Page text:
Why does every social media strategy seemingly start with a company cajoling people to come “like” their Facebook page? This post will explain why that is usually a bad strategy if you are aiming at creating long-term, loyal customers.

I’ve been honored to be selected to help judge a global company’s internal social media competition.  Entries were submitted from all over the country as their locations put forward their best shots at social media gold.

There were some interesting entries, even some very good ones, but they all had one thing in common. In the “objectives” section, every  single organization stated something like this:

“Our goal is to enter the conversation with our customers and engage with them on our Facebook page.”

Last week I wrote about how our relationships with brands develop over time through many small interactions that create awareness, affection, trust, and eventually a loyal relationship … similar to the way we create friendships in real life.

When I was a kid, it took quite a few interactions at school or on the playground before I was invited to go home after school and play at a friend’s house.  And it would get kind of boring if my friend never came to my house. You expect that kind of reciprocity in a relationship, right?

The one thing missing in almost any social media strategy I see is a plan for company representatives to actually go spend some time at the customer’s “house” — 100 percent of the effort is usually aimed at the very difficult task of drawing those eyes to THEIR page, their home, every day instead of visiting customers where THEY “live.”

If the true goal is customer connection, why does it have to start on your own Facebook page?

Why is the metric for success always the number of comments or likes you have on your page, rather than the number of likes and comments your company gives away on other pages? Shouldn’t the effort be at least equal?

This default position of driving people to your page is easy because it is so much simpler measuring your “likes” and comments as a metric of success.  It’s the popular thing to do, but I’d like you to start questioning if it is the RIGHT thing to do for a long-term strategy.  Check out this diagram and see if this makes sense:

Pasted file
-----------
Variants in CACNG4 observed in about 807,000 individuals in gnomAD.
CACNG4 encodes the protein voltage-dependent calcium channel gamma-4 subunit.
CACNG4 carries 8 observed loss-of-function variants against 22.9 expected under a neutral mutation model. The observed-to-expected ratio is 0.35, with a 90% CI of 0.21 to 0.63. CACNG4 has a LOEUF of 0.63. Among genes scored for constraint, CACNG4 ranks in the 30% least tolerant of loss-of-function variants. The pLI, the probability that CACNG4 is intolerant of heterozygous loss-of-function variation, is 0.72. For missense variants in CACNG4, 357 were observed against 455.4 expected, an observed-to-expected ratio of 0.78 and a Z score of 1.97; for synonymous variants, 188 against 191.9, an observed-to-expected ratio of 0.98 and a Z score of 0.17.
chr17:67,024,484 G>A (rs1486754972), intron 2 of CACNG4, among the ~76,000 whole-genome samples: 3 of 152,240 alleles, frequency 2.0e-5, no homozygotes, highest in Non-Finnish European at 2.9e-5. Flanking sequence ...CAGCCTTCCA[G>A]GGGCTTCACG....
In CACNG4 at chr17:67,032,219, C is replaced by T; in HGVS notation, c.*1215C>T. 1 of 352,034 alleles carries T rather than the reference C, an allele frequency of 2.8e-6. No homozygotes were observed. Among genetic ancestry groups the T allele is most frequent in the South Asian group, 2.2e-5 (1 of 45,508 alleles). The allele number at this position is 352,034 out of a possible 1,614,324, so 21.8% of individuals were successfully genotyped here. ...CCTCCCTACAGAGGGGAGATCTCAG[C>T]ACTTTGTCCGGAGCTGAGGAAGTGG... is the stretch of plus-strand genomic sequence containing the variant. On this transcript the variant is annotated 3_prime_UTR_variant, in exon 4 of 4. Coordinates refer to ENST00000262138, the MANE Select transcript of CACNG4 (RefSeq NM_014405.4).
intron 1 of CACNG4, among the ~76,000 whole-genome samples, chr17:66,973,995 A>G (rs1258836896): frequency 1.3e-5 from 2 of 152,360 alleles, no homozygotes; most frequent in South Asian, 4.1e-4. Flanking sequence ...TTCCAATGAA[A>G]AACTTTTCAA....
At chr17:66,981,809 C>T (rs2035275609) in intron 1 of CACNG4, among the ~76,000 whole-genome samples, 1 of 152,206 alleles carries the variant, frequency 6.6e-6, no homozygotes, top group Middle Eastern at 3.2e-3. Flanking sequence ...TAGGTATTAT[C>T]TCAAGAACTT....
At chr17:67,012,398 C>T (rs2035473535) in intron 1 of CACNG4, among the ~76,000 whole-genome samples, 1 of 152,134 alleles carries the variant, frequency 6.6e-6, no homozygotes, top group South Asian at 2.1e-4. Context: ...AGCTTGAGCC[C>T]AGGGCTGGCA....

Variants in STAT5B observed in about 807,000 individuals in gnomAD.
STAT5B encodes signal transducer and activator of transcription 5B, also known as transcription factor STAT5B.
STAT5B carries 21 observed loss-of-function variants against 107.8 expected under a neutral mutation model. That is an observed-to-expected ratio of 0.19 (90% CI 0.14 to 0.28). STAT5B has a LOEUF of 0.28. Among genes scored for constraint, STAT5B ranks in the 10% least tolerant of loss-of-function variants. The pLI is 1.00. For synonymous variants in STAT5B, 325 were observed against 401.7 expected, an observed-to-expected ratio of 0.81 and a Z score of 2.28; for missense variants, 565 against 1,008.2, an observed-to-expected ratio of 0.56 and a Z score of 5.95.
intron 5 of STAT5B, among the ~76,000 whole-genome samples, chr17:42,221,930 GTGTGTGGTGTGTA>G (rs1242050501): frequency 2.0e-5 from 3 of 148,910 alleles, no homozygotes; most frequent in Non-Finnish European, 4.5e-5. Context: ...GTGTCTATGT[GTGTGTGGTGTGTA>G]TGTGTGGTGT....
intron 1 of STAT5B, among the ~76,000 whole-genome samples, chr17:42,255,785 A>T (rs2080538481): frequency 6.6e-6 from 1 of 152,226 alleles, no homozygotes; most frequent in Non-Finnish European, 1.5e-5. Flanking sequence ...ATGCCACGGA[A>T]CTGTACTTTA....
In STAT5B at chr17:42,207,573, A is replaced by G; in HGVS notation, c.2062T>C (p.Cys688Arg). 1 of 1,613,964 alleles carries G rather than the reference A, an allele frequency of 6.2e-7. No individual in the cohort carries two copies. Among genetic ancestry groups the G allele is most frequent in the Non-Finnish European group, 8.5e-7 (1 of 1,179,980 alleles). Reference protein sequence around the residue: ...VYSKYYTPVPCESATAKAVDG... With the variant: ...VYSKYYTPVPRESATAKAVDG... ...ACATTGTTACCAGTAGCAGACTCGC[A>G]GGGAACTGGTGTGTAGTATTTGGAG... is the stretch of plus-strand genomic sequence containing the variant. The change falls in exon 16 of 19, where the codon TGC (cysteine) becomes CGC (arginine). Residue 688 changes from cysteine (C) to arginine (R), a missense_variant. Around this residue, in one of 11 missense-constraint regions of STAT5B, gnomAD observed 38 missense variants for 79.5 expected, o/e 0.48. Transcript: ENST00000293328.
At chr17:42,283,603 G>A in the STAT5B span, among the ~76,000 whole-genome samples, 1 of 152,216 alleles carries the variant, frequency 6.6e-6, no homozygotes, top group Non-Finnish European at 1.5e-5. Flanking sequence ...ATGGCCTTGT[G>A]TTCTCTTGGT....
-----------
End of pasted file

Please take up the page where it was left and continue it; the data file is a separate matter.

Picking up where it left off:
small social media interactions

Relationships start with small interactions — and you probably have to go to where your customers are at first.  As they get interested in you, maybe they will start coming to your site where they may connect in a bigger way, and eventually bring their friends as they turn into fans.

If you’re sincerely trying to drive people up this curve (and not just “check the Facebook box”), why would you have a strategy that only involves buying likes with coupons and contests?  Maybe you need to go visit their house a few times first and get to know them on their terms, too!

(Note: Based on some reader comments, I wanted to clarify that visiting a customer’s “house” may not necessarily be Facebook. It could be their blog, Twitter account, LinkedIn, etc. — it’s where they “spend their time” on the web).

Of course there are many different ways to be successful on the social web and lots of companies are doing great things on their Facebook pages, but I wanted to introduce the idea that it doesn’t necessarily have to start with a “drive for likes”

Have you had similar experiences? Do you ever connect with your customers on their home base Facebook page, blog, or LinkedIn account?

Top illustration courtesy of Toothpaste for Dinner

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